Ethical Guidance for Lawyers, COVID-19
Before takeoff, flight attendants instruct that in an emergency, put your own oxygen mask on first, before assisting others. Lawyers are helpers and problem solvers. Never more so than in a time of crisis. Schedule a short burst most days for movement, a home chore, a hobby, and conversation with a friend or loved one. Remember, ER 1.16(a)(2) requires withdrawal when a lawyer’s physical or mental condition materially impairs representation. Follow safety guidelines and prioritize your well-being during this time of heightened anxiety and grief. (Need to talk to someone? Check out the Bar’s Member Assistance Program drop-in coaching sessions.)
You might get sick. Now is the time for contingency planning, especially if you are a solo. Arizona lawyers are required to have a succession plan. (The Bar’s Practice 2.0 can help.) Be sure to discuss your plan with your staff. Related, make a backup plan for illness/unavailability of any staff who assist with billing and accounts.
Proactively contact clients and make sure they know how to reach you. Communicate any altered case plans and scheduling. Consider and discuss any fee impact. Ask clients about their health and discuss contingencies if client becomes ill or otherwise unreachable. Update your outgoing voicemail, website, and any automated email messages to 1) reflect your current work set-up and 2) set expectations for your response time. Arrange for mail pick-up or reroute and scanning.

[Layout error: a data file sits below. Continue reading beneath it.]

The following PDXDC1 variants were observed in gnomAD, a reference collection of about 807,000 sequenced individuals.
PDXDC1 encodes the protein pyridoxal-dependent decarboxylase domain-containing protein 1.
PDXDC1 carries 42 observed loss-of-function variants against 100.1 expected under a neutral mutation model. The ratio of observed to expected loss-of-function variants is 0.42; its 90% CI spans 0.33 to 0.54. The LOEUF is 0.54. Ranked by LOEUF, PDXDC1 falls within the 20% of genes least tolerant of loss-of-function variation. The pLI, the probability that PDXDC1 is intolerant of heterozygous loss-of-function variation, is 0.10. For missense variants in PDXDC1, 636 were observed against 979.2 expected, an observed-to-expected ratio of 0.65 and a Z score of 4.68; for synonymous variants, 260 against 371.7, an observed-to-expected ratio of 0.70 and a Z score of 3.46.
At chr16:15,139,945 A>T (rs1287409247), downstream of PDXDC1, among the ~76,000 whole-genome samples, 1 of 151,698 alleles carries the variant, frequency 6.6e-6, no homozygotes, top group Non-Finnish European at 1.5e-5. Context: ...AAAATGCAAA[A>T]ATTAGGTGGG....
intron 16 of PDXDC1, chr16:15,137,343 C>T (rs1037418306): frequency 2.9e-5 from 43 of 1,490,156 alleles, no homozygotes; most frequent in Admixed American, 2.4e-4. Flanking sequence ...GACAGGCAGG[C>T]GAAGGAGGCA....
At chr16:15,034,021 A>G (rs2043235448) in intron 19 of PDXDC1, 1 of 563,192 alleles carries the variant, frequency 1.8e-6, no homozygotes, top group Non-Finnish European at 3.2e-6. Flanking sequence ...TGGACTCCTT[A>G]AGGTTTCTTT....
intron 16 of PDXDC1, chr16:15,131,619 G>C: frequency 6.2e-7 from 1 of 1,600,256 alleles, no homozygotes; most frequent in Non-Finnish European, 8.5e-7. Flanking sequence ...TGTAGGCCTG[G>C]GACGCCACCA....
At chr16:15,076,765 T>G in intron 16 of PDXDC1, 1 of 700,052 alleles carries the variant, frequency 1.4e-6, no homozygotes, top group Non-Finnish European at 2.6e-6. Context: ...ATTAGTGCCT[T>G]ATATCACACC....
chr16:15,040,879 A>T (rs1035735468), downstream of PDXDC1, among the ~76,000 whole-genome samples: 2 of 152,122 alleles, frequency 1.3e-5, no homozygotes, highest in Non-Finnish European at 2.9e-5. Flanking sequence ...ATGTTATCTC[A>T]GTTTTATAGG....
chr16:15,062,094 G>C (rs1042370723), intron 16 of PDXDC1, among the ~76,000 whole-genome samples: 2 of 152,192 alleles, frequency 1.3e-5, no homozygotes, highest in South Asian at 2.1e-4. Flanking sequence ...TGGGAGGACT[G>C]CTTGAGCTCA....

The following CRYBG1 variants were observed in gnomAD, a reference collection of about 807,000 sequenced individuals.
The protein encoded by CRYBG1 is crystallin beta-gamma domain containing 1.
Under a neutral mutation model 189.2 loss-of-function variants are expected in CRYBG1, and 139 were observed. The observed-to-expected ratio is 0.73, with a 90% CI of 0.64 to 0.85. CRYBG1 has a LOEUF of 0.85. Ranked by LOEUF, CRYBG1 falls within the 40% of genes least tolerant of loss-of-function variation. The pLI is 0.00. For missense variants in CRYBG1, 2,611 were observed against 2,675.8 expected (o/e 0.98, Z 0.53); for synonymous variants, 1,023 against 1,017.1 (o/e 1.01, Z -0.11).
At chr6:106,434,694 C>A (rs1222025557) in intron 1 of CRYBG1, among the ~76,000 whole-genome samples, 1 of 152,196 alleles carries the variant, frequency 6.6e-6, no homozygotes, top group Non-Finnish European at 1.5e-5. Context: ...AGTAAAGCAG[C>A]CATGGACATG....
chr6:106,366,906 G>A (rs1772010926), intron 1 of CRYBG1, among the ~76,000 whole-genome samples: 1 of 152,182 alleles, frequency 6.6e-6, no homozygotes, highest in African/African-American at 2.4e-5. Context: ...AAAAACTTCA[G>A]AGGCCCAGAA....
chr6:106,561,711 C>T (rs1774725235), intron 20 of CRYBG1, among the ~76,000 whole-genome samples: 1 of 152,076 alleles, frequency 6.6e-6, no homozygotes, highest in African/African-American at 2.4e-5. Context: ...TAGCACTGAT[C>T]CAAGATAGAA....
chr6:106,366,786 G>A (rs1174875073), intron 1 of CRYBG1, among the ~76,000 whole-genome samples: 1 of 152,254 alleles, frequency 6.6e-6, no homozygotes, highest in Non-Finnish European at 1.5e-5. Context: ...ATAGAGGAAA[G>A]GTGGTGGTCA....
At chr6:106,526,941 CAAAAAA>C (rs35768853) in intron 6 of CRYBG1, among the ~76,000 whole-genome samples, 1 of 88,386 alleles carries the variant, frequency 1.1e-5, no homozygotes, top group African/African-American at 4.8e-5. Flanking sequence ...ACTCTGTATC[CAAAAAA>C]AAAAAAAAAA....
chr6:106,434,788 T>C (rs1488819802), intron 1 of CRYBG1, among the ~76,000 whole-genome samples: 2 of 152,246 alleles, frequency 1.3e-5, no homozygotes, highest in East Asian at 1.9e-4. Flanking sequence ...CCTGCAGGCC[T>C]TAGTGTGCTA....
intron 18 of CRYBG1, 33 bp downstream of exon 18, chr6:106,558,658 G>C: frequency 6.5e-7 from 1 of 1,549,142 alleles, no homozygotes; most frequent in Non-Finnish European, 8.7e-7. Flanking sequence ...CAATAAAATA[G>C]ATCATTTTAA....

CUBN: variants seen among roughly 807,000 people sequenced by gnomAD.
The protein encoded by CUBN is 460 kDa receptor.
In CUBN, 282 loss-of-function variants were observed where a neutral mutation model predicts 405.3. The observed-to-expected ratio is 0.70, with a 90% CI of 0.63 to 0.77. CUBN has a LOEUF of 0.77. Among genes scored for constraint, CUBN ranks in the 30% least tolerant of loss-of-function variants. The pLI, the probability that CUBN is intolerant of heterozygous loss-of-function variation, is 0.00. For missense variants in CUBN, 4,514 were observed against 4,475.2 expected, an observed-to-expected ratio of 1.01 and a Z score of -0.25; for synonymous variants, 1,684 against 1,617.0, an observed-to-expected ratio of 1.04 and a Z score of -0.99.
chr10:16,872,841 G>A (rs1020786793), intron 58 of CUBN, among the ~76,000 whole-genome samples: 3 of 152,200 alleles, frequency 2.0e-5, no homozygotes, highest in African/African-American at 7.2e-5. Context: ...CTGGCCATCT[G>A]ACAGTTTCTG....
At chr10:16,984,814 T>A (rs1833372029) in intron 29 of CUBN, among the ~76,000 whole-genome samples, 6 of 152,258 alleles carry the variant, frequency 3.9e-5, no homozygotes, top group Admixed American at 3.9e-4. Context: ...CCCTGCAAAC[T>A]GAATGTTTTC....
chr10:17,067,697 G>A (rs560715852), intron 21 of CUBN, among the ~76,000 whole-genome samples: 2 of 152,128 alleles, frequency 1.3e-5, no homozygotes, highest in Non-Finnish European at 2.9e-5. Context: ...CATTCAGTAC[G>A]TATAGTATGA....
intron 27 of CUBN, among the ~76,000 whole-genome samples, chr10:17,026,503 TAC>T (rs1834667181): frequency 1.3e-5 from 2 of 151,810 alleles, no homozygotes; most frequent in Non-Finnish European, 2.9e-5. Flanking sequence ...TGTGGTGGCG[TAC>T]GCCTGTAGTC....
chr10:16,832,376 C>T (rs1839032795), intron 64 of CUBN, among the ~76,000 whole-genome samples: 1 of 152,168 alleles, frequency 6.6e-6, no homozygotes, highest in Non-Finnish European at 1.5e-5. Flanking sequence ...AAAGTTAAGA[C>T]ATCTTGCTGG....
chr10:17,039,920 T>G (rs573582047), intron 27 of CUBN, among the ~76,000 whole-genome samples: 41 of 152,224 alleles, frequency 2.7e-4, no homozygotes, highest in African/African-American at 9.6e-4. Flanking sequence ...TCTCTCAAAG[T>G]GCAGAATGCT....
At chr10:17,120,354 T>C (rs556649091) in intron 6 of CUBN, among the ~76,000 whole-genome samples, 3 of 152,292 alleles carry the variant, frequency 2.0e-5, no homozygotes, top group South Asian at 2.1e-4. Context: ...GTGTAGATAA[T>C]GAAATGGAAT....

Ensure your remote workspace, system and practices are secure and maintain the confidentiality of client information and communications. This may require consulting a competent technology expert. (The Bar’s Practice 2.0 can also help.) Remember to also guide and supervise teleworking staff with respect to confidentiality of client information.
Confirm your conflicts checking system works remotely, including review with teleworking staff. Resist the temptation to give legal advice on the fly, without checking conflicts.
Develop a system to track daily changes in rules, and emergency orders, from the courts and administrative agencies, particularly related to deadlines/statutes of limitations, appearances, e-filing, service, and affirmation/notary requirements. (Tip: Monitor the State Bar website’s Coronavirus Information Center.) Update your calendaring and task systems accordingly.
Liberally exercise professional courtesy and discretion with respect to appearances, continuances, service, etc. Avoid harsh practices that increase stress or risk for others. ER 8.4(d). On the other hand, do not use the pandemic to excuse inattention or lack of diligence.
Make use of collaborative tools like Microsoft Teams that facilitate supervision of lawyers and staff you employ.
Check in with your malpractice carrier – it may offer helpful guidance regarding best practices and common pitfalls during crisis.